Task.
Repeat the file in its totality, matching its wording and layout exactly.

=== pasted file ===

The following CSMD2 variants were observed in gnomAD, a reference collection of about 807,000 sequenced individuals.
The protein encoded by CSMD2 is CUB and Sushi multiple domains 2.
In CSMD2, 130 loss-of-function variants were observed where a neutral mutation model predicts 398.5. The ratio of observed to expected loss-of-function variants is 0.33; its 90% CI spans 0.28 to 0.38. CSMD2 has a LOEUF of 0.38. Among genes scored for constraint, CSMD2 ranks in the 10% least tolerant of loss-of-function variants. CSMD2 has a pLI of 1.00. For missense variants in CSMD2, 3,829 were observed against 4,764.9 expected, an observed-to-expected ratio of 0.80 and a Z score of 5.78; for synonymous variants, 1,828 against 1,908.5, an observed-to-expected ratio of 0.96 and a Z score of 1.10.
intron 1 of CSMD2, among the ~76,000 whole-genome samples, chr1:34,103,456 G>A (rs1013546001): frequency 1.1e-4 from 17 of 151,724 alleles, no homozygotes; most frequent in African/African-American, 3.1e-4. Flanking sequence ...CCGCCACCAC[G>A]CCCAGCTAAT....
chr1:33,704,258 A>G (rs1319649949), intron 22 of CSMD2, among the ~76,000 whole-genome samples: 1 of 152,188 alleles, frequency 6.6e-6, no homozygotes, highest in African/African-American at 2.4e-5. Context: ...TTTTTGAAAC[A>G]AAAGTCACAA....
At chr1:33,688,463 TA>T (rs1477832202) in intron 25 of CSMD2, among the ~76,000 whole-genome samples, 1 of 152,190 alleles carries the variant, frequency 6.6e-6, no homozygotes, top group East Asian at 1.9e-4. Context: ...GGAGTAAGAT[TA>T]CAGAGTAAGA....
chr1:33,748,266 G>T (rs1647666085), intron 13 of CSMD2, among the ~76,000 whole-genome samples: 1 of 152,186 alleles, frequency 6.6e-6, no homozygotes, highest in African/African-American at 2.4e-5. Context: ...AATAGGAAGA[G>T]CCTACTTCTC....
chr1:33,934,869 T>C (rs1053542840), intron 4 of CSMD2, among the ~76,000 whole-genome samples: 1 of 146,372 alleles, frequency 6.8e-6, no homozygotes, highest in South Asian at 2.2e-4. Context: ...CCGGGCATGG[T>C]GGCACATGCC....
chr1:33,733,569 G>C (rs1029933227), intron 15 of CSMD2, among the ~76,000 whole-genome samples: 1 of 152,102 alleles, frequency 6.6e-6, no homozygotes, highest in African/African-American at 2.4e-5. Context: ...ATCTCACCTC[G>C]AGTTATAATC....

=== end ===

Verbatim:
The following CSMD2 variants were observed in gnomAD, a reference collection of about 807,000 sequenced individuals.
The protein encoded by CSMD2 is CUB and Sushi multiple domains 2.
In CSMD2, 130 loss-of-function variants were observed where a neutral mutation model predicts 398.5. The ratio of observed to expected loss-of-function variants is 0.33; its 90% CI spans 0.28 to 0.38. CSMD2 has a LOEUF of 0.38. Among genes scored for constraint, CSMD2 ranks in the 10% least tolerant of loss-of-function variants. CSMD2 has a pLI of 1.00. For missense variants in CSMD2, 3,829 were observed against 4,764.9 expected, an observed-to-expected ratio of 0.80 and a Z score of 5.78; for synonymous variants, 1,828 against 1,908.5, an observed-to-expected ratio of 0.96 and a Z score of 1.10.
intron 1 of CSMD2, among the ~76,000 whole-genome samples, chr1:34,103,456 G>A (rs1013546001): frequency 1.1e-4 from 17 of 151,724 alleles, no homozygotes; most frequent in African/African-American, 3.1e-4. Flanking sequence ...CCGCCACCAC[G>A]CCCAGCTAAT....
chr1:33,704,258 A>G (rs1319649949), intron 22 of CSMD2, among the ~76,000 whole-genome samples: 1 of 152,188 alleles, frequency 6.6e-6, no homozygotes, highest in African/African-American at 2.4e-5. Context: ...TTTTTGAAAC[A>G]AAAGTCACAA....
At chr1:33,688,463 TA>T (rs1477832202) in intron 25 of CSMD2, among the ~76,000 whole-genome samples, 1 of 152,190 alleles carries the variant, frequency 6.6e-6, no homozygotes, top group East Asian at 1.9e-4. Context: ...GGAGTAAGAT[TA>T]CAGAGTAAGA....
chr1:33,748,266 G>T (rs1647666085), intron 13 of CSMD2, among the ~76,000 whole-genome samples: 1 of 152,186 alleles, frequency 6.6e-6, no homozygotes, highest in African/African-American at 2.4e-5. Context: ...AATAGGAAGA[G>T]CCTACTTCTC....
chr1:33,934,869 T>C (rs1053542840), intron 4 of CSMD2, among the ~76,000 whole-genome samples: 1 of 146,372 alleles, frequency 6.8e-6, no homozygotes, highest in South Asian at 2.2e-4. Context: ...CCGGGCATGG[T>C]GGCACATGCC....
chr1:33,733,569 G>C (rs1029933227), intron 15 of CSMD2, among the ~76,000 whole-genome samples: 1 of 152,102 alleles, frequency 6.6e-6, no homozygotes, highest in African/African-American at 2.4e-5. Context: ...ATCTCACCTC[G>C]AGTTATAATC....